FAMILIES of the Ballymurphy massacre victims have reacted angrily to the British Government’s refusal to open a fresh inquiry into the 1971 incident.
Relatives of the 10 people shot dead by British paratroopers in the west Belfast district said they were “shocked and outraged” by the decision.
They also accused the British Government of treating them in a “disrespectful and shameful manner”.
The news comes after the Irish Government pledged its support for the families’ proposed independent panel to examine all documents and papers relating to the killings.
Taoiseach Enda Kenny also raised the subject with Prime Minister David Cameron during their annual summit in March, telling his British counterpart of “the strength and reality and power of their stories, which remain not concluded”.
But the victims’ relatives were left in dismay this morning when Northern Ireland secretary Theresa Villiers told them that Britain would not join Ireland in backing the investigation.
A priest and a mother-of-eight were among the 10 people shot dead by British Army soldiers over three days in Ballymurphy in August 1971.
Paratroopers from the same unit shot dead 13 people on Bloody Sunday five months later.
“In my view, the balance of public interest does not favour establishing an independent review,” Ms Villiers said.
“I do not believe that such a review would provide answers which are not already in the public domain or covered by existing legal processes.”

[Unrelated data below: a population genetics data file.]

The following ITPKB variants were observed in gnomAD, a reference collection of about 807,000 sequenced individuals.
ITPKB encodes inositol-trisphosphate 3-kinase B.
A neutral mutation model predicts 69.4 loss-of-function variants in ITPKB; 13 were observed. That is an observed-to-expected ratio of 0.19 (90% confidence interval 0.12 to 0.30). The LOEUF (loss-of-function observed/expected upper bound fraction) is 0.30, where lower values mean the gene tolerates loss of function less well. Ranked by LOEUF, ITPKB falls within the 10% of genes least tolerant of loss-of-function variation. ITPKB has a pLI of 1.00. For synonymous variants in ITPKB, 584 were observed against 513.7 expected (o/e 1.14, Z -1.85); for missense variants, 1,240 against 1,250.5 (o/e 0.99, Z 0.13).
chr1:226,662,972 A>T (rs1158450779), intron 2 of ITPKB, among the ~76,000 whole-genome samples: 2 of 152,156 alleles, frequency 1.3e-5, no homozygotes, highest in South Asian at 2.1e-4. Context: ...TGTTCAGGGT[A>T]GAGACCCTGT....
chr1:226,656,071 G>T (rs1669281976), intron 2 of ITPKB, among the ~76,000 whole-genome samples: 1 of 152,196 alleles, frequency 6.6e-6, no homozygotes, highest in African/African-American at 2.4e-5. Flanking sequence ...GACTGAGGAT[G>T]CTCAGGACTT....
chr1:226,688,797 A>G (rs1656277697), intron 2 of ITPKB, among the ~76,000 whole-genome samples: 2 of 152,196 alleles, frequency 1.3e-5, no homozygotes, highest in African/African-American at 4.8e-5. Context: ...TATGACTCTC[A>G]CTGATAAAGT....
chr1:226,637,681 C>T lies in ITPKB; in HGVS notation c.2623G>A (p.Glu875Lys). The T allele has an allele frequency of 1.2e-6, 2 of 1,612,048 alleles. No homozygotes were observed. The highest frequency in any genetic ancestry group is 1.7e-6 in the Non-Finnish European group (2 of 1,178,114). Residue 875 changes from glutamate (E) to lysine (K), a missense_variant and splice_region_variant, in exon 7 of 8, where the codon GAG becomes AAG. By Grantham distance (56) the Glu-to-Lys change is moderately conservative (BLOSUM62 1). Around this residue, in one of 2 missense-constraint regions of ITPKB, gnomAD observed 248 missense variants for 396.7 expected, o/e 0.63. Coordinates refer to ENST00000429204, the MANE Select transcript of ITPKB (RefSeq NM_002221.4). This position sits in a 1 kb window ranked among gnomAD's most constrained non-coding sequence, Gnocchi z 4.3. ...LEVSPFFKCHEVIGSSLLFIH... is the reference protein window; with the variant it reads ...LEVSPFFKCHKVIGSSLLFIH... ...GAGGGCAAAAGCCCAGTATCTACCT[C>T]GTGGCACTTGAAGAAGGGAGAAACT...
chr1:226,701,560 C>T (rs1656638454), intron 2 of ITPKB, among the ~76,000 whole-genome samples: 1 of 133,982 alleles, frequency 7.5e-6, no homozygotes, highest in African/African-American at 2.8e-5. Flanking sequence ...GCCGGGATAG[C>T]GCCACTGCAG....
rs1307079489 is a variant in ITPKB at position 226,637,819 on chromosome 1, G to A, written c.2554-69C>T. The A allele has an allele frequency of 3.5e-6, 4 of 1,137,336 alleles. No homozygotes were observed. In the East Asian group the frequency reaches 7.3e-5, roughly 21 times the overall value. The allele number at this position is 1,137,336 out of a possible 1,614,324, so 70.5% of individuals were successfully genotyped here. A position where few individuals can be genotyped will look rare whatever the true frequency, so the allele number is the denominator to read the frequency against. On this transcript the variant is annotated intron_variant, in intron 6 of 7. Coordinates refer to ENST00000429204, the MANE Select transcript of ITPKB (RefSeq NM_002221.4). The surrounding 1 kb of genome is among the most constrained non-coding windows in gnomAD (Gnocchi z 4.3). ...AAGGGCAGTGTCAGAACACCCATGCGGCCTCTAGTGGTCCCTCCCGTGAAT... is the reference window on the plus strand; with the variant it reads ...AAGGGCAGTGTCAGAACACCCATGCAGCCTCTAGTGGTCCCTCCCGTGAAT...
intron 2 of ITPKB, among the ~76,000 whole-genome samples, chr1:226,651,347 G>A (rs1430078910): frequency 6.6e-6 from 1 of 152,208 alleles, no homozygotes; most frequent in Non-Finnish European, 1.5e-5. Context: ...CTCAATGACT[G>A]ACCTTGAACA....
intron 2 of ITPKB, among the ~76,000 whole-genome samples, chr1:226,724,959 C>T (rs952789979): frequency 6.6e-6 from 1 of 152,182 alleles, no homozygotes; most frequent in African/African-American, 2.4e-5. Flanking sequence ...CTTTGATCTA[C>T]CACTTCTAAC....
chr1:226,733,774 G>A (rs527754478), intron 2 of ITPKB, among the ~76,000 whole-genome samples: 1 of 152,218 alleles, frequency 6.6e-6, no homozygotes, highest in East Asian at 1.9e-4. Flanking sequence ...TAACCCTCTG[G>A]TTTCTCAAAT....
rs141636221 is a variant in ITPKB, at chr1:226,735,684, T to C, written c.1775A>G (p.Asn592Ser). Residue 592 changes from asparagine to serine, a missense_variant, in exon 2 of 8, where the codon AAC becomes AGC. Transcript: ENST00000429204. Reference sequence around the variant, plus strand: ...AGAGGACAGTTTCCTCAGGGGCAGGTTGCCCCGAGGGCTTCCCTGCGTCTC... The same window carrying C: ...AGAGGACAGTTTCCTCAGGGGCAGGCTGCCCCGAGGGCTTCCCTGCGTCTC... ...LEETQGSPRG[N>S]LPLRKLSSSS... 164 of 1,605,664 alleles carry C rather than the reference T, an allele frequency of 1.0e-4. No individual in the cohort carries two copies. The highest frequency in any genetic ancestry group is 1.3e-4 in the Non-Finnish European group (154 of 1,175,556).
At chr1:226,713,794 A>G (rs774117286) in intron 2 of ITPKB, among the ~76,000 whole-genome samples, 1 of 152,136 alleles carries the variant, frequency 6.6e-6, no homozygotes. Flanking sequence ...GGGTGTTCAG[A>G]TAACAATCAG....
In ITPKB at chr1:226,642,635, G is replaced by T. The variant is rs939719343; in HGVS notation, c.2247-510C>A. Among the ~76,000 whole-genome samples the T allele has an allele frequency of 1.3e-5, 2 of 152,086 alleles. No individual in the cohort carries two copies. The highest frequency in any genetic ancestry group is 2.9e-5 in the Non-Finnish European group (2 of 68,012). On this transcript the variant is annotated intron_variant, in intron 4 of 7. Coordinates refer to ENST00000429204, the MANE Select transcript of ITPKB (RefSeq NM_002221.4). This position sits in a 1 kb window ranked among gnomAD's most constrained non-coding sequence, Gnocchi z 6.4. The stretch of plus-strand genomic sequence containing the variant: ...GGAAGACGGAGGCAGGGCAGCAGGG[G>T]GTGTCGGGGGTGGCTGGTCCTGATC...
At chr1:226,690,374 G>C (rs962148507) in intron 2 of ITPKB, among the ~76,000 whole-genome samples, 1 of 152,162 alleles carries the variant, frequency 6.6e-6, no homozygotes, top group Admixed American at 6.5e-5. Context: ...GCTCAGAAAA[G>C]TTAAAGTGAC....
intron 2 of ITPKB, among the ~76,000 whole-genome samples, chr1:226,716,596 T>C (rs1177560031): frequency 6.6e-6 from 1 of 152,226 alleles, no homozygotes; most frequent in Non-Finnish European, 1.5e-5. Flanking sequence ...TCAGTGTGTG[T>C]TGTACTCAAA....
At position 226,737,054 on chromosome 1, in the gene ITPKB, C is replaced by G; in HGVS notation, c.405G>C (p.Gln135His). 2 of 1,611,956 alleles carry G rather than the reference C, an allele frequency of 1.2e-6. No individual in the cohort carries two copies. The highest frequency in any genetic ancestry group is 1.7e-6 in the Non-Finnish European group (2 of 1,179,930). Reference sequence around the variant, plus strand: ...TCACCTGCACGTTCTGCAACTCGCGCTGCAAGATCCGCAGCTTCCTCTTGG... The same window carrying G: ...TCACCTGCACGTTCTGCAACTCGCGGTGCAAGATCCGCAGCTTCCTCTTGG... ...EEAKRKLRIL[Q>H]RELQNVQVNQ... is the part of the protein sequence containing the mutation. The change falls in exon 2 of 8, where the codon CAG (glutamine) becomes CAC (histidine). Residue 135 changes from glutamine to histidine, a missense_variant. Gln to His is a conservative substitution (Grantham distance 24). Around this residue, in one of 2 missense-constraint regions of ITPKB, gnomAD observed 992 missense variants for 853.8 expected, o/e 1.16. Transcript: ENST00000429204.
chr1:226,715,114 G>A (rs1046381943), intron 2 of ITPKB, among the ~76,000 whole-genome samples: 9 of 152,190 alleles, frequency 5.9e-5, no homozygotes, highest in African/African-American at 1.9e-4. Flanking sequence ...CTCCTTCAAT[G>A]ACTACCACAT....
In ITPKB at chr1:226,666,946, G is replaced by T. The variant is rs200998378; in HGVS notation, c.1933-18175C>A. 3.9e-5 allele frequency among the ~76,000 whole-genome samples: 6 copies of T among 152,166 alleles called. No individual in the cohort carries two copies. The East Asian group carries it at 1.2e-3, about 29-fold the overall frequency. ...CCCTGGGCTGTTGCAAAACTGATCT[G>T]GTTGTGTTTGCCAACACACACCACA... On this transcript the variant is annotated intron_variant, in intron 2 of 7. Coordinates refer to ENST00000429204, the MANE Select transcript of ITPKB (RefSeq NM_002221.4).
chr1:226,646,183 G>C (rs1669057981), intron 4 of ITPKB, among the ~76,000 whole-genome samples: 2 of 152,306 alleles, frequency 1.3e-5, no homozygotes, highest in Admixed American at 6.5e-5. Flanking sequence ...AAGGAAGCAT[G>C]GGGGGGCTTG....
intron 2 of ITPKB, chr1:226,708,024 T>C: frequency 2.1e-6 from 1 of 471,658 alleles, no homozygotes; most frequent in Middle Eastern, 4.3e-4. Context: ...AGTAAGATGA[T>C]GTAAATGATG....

The Conservative MP added that while she was “very moved” by the families’ stories of pain and loss, she did not want a new inquiry to compromise existing legal mechanisms, including on-going inquests into the Ballymurphy deaths.
But the families accused the British Government of treating Troubles victims like “second class citizens”.
“We have led our campaign for truth and justice in a dignified but determined manner and deserve the opportunity to have the innocence of our loved ones proven,” said John Teggart, whose father died after being shot 14 times in the massacre.
“We feel that the Conservative-led British Government is treating us in a disrespectful and shameful manner.”
Accusing David Cameron of hypocrisy, he highlighted the fact that their proposals mirrored the State-funded investigation of the Hillsborough disaster, in which 96 football fans died.
“Are the 11 people who lay in their graves of different worth because they are Irish citizens?” Mr Teggart asked.